Wall Street to Daily Papers: 'Drop Dead'
It's just a coincidence that the essay "Does the News Matter to Anyone Anymore?" by the impresario of The Wire, David Simon, appeared in the Washington Post the same day news broke of the top editor of the Los Angeles Times having been forced out over a refusal to make further budget cuts. Virtually every major magazine--as if by divine decree--has run a David Simon profile recently, and in each one the former Sun veteran has eloquently bemoaned the state of contemporary newspapering. And the departure of James O'Shea from the LA Times marks the fourth time in less than three years that either the top editor or the publisher has "quit" rather than make budget cuts demanded by the owner.
What was different about the latest LA Times departure was that it took place not under the much-detested Tribune Company ownership but the would-be savior of the Times, entrepreneur Samuel Zell. No less odd is that, according to the Tribune's Phil Rosenthal, O'Shea's departure had been planned about a week before the announcement, yet nobody at the Times bothered to come up with some corporate-friendly spin. According to the New York Times, Nancy Sullivan, a spokeswoman for the LA Times, simply said, "I don't have any comment for you." It's as if newspaper owners have given up caring to explain themselves. "This is the way of the world," they're telling us. "Get used to it."
Regarding Simon's newspaper critique, what is odd--at least if you're a fan of The Wire, and I defer to no one in that department--is that it mixes up problems with no relation to one another. I don't like that ambitious yuppie on the city desk any more than anyone, but what's he got to do with the budget cuts that are destroying the paper's institutional memory? And other Simon complaints about what's happened to the Baltimore Sun--where he worked and upon whose woes The Wire focuses--do not strike me as relevant to the industry's current conundrum. Perhaps his editors were overly obsessed with prizes, but since when have editors not been obsessed with prizes? Perhaps they did force him to oversimplify complex social phenomena, but again, when was that not journalistically the case?
I don't begrudge Simon his hobbyhorses. I have my own, primarily the business's refusal to stand up to--or even acknowledge--the war on press freedom the Bush Administration and its allies have been waging since they came to power seven years ago. But the guys who run these newspapers are focused on one thing only, and that's survival. You might be, too, if you were faced with facts like these:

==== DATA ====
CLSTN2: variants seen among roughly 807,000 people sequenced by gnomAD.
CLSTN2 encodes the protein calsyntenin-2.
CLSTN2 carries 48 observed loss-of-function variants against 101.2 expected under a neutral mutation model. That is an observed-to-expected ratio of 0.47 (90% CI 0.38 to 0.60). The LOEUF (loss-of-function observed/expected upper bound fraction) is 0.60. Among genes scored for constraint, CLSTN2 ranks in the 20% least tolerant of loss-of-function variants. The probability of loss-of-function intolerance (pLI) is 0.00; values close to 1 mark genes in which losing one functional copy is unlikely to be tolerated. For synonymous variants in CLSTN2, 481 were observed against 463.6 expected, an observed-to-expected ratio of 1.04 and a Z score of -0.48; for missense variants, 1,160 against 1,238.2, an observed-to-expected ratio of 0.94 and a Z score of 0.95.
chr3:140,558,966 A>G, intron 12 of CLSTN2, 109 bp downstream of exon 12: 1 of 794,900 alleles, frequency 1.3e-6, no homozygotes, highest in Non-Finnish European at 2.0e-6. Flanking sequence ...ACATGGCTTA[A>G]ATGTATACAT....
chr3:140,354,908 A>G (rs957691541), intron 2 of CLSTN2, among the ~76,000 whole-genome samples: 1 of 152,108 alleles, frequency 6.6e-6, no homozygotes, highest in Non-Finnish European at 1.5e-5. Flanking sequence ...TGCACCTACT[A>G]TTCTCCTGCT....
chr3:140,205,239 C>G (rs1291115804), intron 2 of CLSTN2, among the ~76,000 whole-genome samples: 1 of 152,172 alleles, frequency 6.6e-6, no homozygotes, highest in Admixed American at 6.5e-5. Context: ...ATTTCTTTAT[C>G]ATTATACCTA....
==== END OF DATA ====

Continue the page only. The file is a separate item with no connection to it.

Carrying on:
The combined market value of independent, publicly traded US newspaper publishers has fallen by 42 percent in the past three years.
The Washington Post Company, with circulation down 14 percent since 2000, now calls itself "an education and media company," as the balance of its profits comes from its purchase of the Stanley Kaplan educational testing business.
Advertising--the industry's lifeblood--is also in rapid decline, moving to where it is cheaper and more efficiently targeted on the Internet. Spending for print ads in newspapers fell 9 percent last year, with the fall rapidly accelerating in the third quarter.
Newspapers are receiving a declining share of Internet advertising as well. While online ad sales surged 26 percent to more than $15 billion in the first nine months of 2007, according to Pricewaterhouse Coopers, for the first time newspapers no longer received the largest share.
The time Americans spend reading newspapers has fallen to just fifteen hours per month.
Fully 23 percent of Americans cite the Internet as their main source of election news. And though 26 percent name newspapers as their source, that figure has fallen by more than half since 1996.
Young people in particular do not read newspapers and have no interest in acquiring the habit. Daily readership for people under 30 now stands at barely one in five.
A recent Goldman Sachs analysis predicted a 7.9 percent decline in ad revenue this year, and cut its earnings forecast for all newspaper-based companies in 2008. Paper costs are going up 11 percent to boot.
Even though profits remain high at almost all these papers, the sad fact is that virtually no one is interested in staying in the business for business reasons anymore. The cautionary tales are too powerful. When, for instance, Wall Street lost confidence in the Knight Ridder chain in 2005, its sale netted only one bidder: the smaller McClatchy Company chain. At the time, McClatchy CEO Gary Pruitt wrote in the Wall Street Journal that the chain's $6.5 billion purchase price would have constituted "an unimaginable bargain only a few years ago." Since the takeover McClatchy has lost more than 82 percent of its market value. And it's hardly alone. In June 2005, Lee Enterprises paid $1.46 billion in cash to buy the Pulitzer newspaper chain. Lee's stock is worth barely a third of what it was before the purchase.
Nobody's got a good solution to this problem--at least not one that involves continued public, for-profit ownership of daily newspapers--but what is perhaps most depressing about the reaction of the industry has been its timid acquiescence to these trends. In James O'Shea's final remarks to the LA Times newsroom, he correctly identified "the biggest challenge" facing the industry: "to overcome this pervasive culture of defeat, the psychology of surrender that accepts decline as inevitable." The dude, alas, is dead-on. Newsmen and -women are supposed to go down fighting. As the great Molly Ivins observed not long before we lost her: budget cuts, buyout plans, it's as if the only agreed-upon solution to fight this deadly disease is "to commit suicide."
Not even the junkies on The Wire are that far gone...